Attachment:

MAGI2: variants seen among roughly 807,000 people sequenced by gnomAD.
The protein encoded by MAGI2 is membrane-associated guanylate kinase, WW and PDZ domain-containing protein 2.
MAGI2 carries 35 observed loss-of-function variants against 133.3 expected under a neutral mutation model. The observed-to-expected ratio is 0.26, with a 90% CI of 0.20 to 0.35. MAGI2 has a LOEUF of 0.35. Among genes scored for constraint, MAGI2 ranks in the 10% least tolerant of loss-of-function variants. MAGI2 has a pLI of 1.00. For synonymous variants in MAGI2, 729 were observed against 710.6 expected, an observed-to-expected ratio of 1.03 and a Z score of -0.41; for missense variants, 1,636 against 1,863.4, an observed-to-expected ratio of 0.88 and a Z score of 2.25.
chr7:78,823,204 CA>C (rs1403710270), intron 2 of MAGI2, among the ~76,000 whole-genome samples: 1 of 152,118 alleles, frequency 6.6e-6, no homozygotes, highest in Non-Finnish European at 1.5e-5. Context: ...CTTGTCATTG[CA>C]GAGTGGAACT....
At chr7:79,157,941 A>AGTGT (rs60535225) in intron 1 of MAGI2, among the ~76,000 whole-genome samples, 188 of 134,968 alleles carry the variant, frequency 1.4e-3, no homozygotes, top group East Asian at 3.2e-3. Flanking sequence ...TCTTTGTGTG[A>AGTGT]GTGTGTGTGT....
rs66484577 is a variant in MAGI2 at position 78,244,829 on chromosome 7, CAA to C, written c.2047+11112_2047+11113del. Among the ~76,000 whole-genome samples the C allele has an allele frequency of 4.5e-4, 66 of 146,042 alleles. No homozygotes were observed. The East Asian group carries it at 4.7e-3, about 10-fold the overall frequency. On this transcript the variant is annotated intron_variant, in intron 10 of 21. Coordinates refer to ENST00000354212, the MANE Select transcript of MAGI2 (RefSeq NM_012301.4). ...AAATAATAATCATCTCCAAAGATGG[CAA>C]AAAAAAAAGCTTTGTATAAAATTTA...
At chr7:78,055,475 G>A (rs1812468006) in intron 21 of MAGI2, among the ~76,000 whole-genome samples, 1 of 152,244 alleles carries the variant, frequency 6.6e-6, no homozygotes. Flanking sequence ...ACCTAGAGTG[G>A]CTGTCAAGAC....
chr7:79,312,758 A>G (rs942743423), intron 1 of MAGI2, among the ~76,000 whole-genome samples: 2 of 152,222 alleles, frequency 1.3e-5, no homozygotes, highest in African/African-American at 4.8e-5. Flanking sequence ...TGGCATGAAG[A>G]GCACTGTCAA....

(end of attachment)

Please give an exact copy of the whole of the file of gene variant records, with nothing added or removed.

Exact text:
MAGI2: variants seen among roughly 807,000 people sequenced by gnomAD.
The protein encoded by MAGI2 is membrane-associated guanylate kinase, WW and PDZ domain-containing protein 2.
MAGI2 carries 35 observed loss-of-function variants against 133.3 expected under a neutral mutation model. The observed-to-expected ratio is 0.26, with a 90% CI of 0.20 to 0.35. MAGI2 has a LOEUF of 0.35. Among genes scored for constraint, MAGI2 ranks in the 10% least tolerant of loss-of-function variants. MAGI2 has a pLI of 1.00. For synonymous variants in MAGI2, 729 were observed against 710.6 expected, an observed-to-expected ratio of 1.03 and a Z score of -0.41; for missense variants, 1,636 against 1,863.4, an observed-to-expected ratio of 0.88 and a Z score of 2.25.
chr7:78,823,204 CA>C (rs1403710270), intron 2 of MAGI2, among the ~76,000 whole-genome samples: 1 of 152,118 alleles, frequency 6.6e-6, no homozygotes, highest in Non-Finnish European at 1.5e-5. Context: ...CTTGTCATTG[CA>C]GAGTGGAACT....
At chr7:79,157,941 A>AGTGT (rs60535225) in intron 1 of MAGI2, among the ~76,000 whole-genome samples, 188 of 134,968 alleles carry the variant, frequency 1.4e-3, no homozygotes, top group East Asian at 3.2e-3. Flanking sequence ...TCTTTGTGTG[A>AGTGT]GTGTGTGTGT....
rs66484577 is a variant in MAGI2 at position 78,244,829 on chromosome 7, CAA to C, written c.2047+11112_2047+11113del. Among the ~76,000 whole-genome samples the C allele has an allele frequency of 4.5e-4, 66 of 146,042 alleles. No homozygotes were observed. The East Asian group carries it at 4.7e-3, about 10-fold the overall frequency. On this transcript the variant is annotated intron_variant, in intron 10 of 21. Coordinates refer to ENST00000354212, the MANE Select transcript of MAGI2 (RefSeq NM_012301.4). ...AAATAATAATCATCTCCAAAGATGG[CAA>C]AAAAAAAAGCTTTGTATAAAATTTA...
At chr7:78,055,475 G>A (rs1812468006) in intron 21 of MAGI2, among the ~76,000 whole-genome samples, 1 of 152,244 alleles carries the variant, frequency 6.6e-6, no homozygotes. Flanking sequence ...ACCTAGAGTG[G>A]CTGTCAAGAC....
chr7:79,312,758 A>G (rs942743423), intron 1 of MAGI2, among the ~76,000 whole-genome samples: 2 of 152,222 alleles, frequency 1.3e-5, no homozygotes, highest in African/African-American at 4.8e-5. Flanking sequence ...TGGCATGAAG[A>G]GCACTGTCAA....